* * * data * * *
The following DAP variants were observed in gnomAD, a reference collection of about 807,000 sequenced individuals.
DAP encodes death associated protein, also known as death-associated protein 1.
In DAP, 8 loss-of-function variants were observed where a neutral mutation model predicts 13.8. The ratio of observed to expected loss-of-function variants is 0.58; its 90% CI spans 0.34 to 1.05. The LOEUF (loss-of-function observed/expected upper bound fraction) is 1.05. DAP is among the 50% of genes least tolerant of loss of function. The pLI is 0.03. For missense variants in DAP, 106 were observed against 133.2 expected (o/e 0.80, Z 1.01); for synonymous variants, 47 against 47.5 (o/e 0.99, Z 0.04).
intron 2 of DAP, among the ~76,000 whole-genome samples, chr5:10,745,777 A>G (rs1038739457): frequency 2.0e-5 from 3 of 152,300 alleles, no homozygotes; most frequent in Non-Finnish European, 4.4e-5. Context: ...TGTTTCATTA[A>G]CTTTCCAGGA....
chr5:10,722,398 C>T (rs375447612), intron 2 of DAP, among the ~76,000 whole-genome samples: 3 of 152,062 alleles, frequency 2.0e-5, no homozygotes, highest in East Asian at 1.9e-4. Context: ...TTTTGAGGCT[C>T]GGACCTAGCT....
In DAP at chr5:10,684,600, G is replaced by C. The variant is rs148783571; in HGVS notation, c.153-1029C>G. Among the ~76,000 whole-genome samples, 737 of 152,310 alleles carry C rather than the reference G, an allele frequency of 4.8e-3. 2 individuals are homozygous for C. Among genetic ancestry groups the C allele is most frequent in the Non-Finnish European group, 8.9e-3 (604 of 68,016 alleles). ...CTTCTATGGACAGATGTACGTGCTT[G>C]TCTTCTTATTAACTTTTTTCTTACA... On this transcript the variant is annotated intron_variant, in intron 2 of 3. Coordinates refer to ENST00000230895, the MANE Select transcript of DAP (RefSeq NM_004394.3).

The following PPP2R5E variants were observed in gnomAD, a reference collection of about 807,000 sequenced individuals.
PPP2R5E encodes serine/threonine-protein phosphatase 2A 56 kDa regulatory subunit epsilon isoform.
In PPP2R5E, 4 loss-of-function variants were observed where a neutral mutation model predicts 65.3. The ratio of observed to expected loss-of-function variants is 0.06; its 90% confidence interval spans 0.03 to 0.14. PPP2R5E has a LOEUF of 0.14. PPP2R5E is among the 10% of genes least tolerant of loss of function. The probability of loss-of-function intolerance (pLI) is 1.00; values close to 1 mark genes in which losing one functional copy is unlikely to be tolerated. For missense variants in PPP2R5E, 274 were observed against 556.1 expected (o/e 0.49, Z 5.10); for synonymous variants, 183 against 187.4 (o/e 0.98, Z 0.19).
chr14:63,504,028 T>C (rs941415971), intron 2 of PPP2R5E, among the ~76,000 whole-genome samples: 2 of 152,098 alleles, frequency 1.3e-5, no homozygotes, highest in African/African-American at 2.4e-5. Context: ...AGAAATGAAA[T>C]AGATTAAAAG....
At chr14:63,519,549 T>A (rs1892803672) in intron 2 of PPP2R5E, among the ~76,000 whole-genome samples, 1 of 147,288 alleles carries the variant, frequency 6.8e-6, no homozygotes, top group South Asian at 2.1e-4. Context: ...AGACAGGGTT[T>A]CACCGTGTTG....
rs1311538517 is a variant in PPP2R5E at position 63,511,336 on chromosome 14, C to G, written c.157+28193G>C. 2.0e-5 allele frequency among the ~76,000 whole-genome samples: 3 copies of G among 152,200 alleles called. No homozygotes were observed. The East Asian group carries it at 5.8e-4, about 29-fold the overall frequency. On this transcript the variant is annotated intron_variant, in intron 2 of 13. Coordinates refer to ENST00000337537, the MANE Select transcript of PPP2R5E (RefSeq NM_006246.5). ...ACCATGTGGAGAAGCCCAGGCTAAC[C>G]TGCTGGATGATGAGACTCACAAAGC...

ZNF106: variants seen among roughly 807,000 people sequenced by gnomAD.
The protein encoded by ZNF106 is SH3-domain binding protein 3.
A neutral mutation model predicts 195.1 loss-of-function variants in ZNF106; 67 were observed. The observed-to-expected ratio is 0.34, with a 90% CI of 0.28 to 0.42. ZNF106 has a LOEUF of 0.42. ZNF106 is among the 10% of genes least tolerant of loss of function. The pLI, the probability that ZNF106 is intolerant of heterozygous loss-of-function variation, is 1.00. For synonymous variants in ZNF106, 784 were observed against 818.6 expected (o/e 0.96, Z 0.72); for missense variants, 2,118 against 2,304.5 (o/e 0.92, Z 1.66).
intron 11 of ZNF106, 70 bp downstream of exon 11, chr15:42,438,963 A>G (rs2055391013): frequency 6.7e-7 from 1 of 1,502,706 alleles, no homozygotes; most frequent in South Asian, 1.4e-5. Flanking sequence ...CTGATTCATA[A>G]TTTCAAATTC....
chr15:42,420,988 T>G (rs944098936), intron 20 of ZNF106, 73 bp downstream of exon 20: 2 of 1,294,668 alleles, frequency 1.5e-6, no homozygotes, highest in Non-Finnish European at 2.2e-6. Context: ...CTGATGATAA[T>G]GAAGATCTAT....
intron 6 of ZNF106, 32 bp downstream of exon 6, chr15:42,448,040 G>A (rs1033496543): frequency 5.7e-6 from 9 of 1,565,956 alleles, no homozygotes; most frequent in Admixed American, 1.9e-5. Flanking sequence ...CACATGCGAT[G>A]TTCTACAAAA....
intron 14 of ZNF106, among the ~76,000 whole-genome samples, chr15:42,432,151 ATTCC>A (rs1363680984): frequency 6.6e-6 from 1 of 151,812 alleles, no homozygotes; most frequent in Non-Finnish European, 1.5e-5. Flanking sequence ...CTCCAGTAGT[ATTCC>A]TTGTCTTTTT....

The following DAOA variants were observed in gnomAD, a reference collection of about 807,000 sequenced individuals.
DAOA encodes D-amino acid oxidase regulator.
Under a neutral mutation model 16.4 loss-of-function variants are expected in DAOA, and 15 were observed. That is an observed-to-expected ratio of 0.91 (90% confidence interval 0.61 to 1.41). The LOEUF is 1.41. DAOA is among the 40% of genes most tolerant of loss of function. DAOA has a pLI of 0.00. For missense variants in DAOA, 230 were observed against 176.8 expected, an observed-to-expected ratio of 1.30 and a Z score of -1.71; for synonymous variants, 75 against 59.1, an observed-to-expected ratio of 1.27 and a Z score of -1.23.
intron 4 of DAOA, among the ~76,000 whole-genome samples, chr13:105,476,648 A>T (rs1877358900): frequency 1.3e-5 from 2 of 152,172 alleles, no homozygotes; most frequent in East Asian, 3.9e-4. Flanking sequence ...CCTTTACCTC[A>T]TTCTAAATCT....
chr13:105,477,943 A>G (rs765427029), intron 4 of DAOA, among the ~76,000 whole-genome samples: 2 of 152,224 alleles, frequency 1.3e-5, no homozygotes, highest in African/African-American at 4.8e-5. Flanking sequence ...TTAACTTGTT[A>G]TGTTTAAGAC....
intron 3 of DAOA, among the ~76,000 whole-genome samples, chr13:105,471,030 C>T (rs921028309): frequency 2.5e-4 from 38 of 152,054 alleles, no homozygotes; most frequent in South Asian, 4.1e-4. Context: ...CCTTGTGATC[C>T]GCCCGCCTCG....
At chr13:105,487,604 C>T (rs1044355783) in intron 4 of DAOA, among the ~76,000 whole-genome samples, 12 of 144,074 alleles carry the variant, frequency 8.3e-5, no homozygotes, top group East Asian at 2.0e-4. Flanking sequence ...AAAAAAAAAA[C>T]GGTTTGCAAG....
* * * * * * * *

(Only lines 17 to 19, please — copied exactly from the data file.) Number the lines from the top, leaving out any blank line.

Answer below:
chr15:42,420,988 T>G (rs944098936), intron 20 of ZNF106, 73 bp downstream of exon 20: 2 of 1,294,668 alleles, frequency 1.5e-6, no homozygotes, highest in Non-Finnish European at 2.2e-6. Context: ...CTGATGATAA[T>G]GAAGATCTAT....
intron 6 of ZNF106, 32 bp downstream of exon 6, chr15:42,448,040 G>A (rs1033496543): frequency 5.7e-6 from 9 of 1,565,956 alleles, no homozygotes; most frequent in Admixed American, 1.9e-5. Flanking sequence ...CACATGCGAT[G>A]TTCTACAAAA....
intron 14 of ZNF106, among the ~76,000 whole-genome samples, chr15:42,432,151 ATTCC>A (rs1363680984): frequency 6.6e-6 from 1 of 151,812 alleles, no homozygotes; most frequent in Non-Finnish European, 1.5e-5. Flanking sequence ...CTCCAGTAGT[ATTCC>A]TTGTCTTTTT....